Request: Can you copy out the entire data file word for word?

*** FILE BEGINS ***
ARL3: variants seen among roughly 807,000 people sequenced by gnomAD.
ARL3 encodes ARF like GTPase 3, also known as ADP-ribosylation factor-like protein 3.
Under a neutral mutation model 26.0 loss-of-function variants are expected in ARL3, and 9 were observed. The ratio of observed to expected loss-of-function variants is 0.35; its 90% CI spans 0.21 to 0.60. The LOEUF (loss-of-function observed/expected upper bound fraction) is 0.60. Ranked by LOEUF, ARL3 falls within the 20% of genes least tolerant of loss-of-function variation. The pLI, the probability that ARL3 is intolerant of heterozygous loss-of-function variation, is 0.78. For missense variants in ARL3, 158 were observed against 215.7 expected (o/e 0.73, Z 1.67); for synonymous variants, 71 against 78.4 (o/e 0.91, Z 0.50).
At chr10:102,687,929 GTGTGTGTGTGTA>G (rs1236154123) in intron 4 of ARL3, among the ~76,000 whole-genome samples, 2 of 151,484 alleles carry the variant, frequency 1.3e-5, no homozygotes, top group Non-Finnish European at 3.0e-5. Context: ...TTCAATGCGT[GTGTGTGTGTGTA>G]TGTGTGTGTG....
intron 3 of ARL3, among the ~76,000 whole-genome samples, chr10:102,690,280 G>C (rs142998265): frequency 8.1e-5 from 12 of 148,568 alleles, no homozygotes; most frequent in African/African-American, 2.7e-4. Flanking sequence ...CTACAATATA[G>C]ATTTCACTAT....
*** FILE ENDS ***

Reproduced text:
ARL3: variants seen among roughly 807,000 people sequenced by gnomAD.
ARL3 encodes ARF like GTPase 3, also known as ADP-ribosylation factor-like protein 3.
Under a neutral mutation model 26.0 loss-of-function variants are expected in ARL3, and 9 were observed. The ratio of observed to expected loss-of-function variants is 0.35; its 90% CI spans 0.21 to 0.60. The LOEUF (loss-of-function observed/expected upper bound fraction) is 0.60. Ranked by LOEUF, ARL3 falls within the 20% of genes least tolerant of loss-of-function variation. The pLI, the probability that ARL3 is intolerant of heterozygous loss-of-function variation, is 0.78. For missense variants in ARL3, 158 were observed against 215.7 expected (o/e 0.73, Z 1.67); for synonymous variants, 71 against 78.4 (o/e 0.91, Z 0.50).
At chr10:102,687,929 GTGTGTGTGTGTA>G (rs1236154123) in intron 4 of ARL3, among the ~76,000 whole-genome samples, 2 of 151,484 alleles carry the variant, frequency 1.3e-5, no homozygotes, top group Non-Finnish European at 3.0e-5. Context: ...TTCAATGCGT[GTGTGTGTGTGTA>G]TGTGTGTGTG....
intron 3 of ARL3, among the ~76,000 whole-genome samples, chr10:102,690,280 G>C (rs142998265): frequency 8.1e-5 from 12 of 148,568 alleles, no homozygotes; most frequent in African/African-American, 2.7e-4. Flanking sequence ...CTACAATATA[G>C]ATTTCACTAT....